Measure Retention

I was re-reading some notes I took around the time that 1000 Markets was sold to Bonanza and came across this one.

"Making something people really care about is hard, but without that, you really don’t have any chance at all."

A startup is all about building something people care about, and then scaling that up. Scaling is hard, and building is hard, but nothing is as hard as figuring out what you can deliver that people will care about. 

The thing is that the steps aren’t all that complicated.

  1. Figure out a real problem that afflicts a lot of customers
  2. Actually solve it
  3. Learn how to communicate
  4. Go out and get more of customers

It’s really easy for startup founders, even ones who have been around the block a few times, to start with (1) and really never look back. They take it as a given that they understand the customer and their problem. The thing is, if you are wrong about that, you’re screwed.

Most startups don’t fail in steps 2-4. Most startups have people who are masters of execution, great communicators, and who have a nose for finding customers. But that’s all useless if you aren’t solving a real problem for real customers. All that time spent in implementation, communication and traffic driving goes to waste.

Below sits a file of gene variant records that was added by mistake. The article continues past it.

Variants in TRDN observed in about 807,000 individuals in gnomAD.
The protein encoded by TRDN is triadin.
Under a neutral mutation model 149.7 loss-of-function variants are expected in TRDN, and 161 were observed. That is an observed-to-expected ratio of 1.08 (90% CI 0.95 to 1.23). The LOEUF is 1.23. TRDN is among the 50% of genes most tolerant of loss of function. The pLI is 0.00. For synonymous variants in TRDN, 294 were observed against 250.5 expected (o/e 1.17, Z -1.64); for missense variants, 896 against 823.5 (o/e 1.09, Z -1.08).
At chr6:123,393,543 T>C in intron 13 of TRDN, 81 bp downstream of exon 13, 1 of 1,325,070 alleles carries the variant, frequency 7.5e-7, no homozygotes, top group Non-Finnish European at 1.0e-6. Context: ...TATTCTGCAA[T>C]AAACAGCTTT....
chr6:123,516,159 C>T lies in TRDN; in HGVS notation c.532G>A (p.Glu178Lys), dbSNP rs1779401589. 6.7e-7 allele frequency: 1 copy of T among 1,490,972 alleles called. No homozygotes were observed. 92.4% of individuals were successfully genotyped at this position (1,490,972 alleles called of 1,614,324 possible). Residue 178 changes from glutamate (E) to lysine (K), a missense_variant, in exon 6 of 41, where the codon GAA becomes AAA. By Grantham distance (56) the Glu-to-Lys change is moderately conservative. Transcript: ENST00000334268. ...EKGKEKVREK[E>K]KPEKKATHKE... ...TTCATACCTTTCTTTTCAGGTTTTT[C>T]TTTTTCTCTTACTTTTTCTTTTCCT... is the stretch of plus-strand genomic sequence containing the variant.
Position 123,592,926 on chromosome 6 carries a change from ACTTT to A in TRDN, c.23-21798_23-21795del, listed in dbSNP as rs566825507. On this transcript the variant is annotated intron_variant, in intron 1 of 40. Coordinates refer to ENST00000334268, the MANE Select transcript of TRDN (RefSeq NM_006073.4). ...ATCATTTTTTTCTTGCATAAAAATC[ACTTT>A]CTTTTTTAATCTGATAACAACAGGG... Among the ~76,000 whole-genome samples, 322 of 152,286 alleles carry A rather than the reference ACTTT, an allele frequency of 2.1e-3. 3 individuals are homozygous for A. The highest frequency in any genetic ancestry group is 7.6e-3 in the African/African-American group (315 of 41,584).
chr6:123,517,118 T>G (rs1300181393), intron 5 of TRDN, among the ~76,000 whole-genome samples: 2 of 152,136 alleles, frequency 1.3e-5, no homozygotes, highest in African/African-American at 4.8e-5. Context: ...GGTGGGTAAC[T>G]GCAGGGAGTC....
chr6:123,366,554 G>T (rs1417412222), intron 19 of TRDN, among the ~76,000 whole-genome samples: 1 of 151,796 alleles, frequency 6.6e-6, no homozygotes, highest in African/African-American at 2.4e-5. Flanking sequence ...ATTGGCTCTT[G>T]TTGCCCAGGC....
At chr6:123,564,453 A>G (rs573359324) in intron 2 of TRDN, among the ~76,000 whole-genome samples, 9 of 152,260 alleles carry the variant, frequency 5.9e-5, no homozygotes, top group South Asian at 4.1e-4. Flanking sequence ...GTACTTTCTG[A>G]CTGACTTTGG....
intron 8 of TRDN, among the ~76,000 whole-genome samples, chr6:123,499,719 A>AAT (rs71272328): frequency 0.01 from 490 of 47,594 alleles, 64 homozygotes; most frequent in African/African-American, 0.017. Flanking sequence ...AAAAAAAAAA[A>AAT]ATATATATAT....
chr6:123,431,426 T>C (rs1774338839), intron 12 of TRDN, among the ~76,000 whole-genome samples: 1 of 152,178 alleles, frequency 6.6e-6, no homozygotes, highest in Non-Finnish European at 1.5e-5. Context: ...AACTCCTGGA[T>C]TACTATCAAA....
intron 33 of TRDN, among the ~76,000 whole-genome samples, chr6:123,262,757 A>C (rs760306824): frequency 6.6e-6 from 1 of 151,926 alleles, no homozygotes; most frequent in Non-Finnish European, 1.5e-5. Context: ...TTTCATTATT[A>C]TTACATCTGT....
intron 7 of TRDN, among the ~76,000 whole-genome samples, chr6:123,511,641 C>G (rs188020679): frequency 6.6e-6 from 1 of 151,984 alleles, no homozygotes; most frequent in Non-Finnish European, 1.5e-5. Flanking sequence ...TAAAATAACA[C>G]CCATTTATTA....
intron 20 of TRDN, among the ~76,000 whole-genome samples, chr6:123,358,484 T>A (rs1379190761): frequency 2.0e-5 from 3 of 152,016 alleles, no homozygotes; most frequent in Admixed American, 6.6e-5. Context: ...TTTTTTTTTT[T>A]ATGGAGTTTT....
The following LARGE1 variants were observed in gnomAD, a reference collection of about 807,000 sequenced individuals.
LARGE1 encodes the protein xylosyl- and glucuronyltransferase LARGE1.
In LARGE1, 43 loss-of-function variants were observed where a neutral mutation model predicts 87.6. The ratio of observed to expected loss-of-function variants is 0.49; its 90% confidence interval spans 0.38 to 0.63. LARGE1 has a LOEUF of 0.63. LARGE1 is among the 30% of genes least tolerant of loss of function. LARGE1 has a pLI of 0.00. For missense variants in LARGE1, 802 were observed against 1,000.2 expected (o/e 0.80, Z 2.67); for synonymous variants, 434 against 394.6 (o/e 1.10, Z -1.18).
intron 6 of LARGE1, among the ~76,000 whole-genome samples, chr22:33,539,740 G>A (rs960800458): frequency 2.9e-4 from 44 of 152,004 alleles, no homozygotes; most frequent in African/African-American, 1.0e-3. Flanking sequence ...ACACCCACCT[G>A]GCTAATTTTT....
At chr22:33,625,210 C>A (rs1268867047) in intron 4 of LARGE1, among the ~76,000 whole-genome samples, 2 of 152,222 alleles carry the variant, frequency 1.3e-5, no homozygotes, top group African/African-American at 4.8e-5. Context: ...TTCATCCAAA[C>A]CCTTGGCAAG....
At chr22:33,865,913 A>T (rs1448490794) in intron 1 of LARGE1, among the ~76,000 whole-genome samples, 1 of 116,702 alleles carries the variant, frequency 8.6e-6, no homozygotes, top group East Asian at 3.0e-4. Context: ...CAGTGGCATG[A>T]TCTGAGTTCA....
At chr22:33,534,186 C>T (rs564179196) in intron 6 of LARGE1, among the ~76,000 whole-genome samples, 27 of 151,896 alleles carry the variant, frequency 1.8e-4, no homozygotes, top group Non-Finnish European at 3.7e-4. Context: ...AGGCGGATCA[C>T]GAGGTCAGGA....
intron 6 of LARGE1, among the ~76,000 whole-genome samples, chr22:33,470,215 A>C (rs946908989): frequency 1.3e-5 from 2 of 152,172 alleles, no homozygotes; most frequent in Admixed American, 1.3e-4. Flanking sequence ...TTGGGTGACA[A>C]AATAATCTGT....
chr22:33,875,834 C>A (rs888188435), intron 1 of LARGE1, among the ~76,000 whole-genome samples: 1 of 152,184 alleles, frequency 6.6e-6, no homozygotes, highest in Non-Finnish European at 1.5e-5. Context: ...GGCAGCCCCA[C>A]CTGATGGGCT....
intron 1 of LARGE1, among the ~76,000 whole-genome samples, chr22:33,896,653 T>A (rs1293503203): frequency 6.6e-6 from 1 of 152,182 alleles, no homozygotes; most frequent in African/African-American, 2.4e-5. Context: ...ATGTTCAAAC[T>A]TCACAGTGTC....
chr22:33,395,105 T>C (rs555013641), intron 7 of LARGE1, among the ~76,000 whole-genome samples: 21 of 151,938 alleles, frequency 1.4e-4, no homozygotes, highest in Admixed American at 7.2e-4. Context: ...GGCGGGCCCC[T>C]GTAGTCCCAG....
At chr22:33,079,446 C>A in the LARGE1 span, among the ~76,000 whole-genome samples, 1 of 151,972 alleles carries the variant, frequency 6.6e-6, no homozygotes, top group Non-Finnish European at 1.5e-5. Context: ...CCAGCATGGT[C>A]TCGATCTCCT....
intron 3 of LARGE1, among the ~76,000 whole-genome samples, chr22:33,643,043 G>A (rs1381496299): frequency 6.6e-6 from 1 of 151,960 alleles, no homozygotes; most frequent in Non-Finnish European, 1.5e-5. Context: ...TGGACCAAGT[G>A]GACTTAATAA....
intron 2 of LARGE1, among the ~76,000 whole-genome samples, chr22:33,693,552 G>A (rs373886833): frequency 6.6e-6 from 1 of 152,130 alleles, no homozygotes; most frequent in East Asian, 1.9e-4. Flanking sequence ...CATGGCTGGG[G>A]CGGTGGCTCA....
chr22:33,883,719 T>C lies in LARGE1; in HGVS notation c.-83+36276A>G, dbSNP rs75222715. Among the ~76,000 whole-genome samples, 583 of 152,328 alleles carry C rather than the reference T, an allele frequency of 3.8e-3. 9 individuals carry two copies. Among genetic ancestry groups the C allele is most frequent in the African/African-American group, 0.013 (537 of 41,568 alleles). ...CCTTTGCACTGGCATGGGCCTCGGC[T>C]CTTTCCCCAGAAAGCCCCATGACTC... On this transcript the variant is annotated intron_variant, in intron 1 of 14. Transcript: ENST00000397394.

It reminds me of Monty Python and the Holy Grail…

"… Launcelot, Galahad, and I, wait until nightfall, and then leap out of the rabbit …"

Sales and marketing folks really live to work in (3) and (4). They want to craft language, work on branding, naming, and logos. They want to start exploring and measuring acquisition channels. I really can’t blame them.

This stuff is fun, and at some point in a company life cycle it’s important. It’s also super rewarding in the short term. New users come in. You get compliments on your brand. You have numbers you can measure and tweak. It’s addictive, and easy to deep end on. Tech people are guilty of the same sort of behavior, but usually in different realms (in my case - premature optimizations for scale and a weakness for no-sql databases).

Back to Retention

Do you have a real problem, and are you solving it? How do you know? Customer feedback is really useful, but not entirely reliable. Customers will frequently tell you what you want to hear. 

You should measure retention. I suggest measuring a really simple version of retention “did the user return and perform {key action} in the last N days?” If you don’t have this information for your site, you should be a little bit embarrassed. Go get it. Then go look at your numbers.